In addition to survivors' groups and educational institutions, DeVos met with "men's rights" organizations, including the National Coalition for Men (NCFM), as well as groups that speak out on behalf of the accused, including Families Advocating for Campus Equality (FACE) and Stop Abusive and Violent Environments (SAVE).
Though the secretary refused to say whether the administration wants to amend directives to colleges and universities, survivors' advocates worry that DeVos' engagement with these controversial groups -- which opponents have dubbed insensitive to victims -- signals a possible willingness to shift the process to the advantage of alleged perpetrators by rolling back Obama-era guidance directing schools to use a "preponderance of the evidence" standard of proof, rather than the higher "clear and convincing" standard, during Title IX sexual assault violence investigations.
Natalie Green, online communications coordinator with women's right group UltraViolet, tells ABC News, "In all honesty, we think she should be listening to the survivors first and foremost, not rape apologists."
And Annie Clark, executive director and co-founder of End Rape on Campus, said, "The evidentiary standard in the criminal justice system is higher, and should be, than on campus because the penalties are different."
Asked about the aforementioned concerns, DeVos told reporters at the Department of Education, "today was a time to listen."
"No student should be the victim of sexual assault," DeVos said. "No student should feel unsafe ... and no students should feel like the scales are tipped against him or her."
According to NCFM, FACE and SAVE, who all fight what they claim are false accusations, accused rapists should be afforded stronger due process by schools investigating allegations of sexual violence. Though difficult to measure, researchers from Northeastern University and the University of Massachusetts reported that their findings -- published in the Journal of Violence Against Women -- in conjunction with other studies, "indicate that the prevalence of false allegations is between 2 percent and 10 percent."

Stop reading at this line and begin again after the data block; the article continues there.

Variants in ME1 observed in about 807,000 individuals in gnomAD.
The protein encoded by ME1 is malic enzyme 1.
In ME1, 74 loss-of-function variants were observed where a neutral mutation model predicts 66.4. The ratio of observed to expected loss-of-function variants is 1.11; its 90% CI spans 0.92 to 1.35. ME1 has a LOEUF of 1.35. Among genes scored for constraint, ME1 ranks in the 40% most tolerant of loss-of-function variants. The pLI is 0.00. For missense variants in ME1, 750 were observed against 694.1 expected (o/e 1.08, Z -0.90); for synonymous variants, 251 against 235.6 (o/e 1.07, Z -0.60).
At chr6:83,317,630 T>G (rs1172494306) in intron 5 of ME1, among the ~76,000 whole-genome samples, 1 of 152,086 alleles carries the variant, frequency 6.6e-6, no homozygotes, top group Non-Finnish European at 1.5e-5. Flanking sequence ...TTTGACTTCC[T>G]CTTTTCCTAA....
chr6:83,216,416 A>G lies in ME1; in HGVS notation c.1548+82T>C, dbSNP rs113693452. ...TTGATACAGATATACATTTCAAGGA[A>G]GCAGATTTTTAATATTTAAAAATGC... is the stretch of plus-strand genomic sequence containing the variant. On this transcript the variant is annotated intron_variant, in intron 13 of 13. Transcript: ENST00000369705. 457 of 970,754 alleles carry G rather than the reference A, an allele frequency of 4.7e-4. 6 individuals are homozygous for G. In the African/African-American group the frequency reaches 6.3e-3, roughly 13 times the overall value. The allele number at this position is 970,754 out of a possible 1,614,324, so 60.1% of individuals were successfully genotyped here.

"It was clear that their stories are not often told, and there are lives that have been ruined and lives that have been lost in the process," DeVos said of these groups representing people they believe were wrongfully accused.
Jonathon Andrews -- a 23-year-old SAVE and FACE volunteer who says he was falsely accused of rape by "homophobic fraternity brothers" after he himself was sexually assaulted -- says the groups just want to ensure all involved get a fair shake.
"Victims for a long time weren't taken seriously, and President Obama tried to correct that -- but some of us think that he over-corrected, to the point where those who haven't committed any crimes, like myself, are at a risk of losing their futures, losing their lives, and being destroyed, essentially," Andrews told ABC News, bristling at "insulting" critiques of his organization as rape-apologist.
"A system without due process protections ultimately serves no one in the end," DeVos said Thursday during a press conference at the Department of Education. "There are substantive legal questions to be addressed, including the evidentiary standard, due process, and lack of public input."
The majority of sexual assault allegations -- "90 percent," according to Jackson -- "fall into the category of 'we were both drunk, we broke up, and six months later I found myself under a Title IX investigation because she just decided that our last sleeping together was not quite right," she told the Times.
"As a survivor of rape myself, I would never seek to diminish anyone's experience," Jackson clarified in a statement provided to ABC News. "My words in the New York Times poorly characterized the conversations I've had with countless groups of advocates. What I said was flippant, and I am sorry. All sexual harassment and sexual assault must be taken seriously."
DeVos on Thursday declined to answer questions about whether she agreed with Jackson's 90 percent comment.
ABC News' Matt Seyler contributed to this report.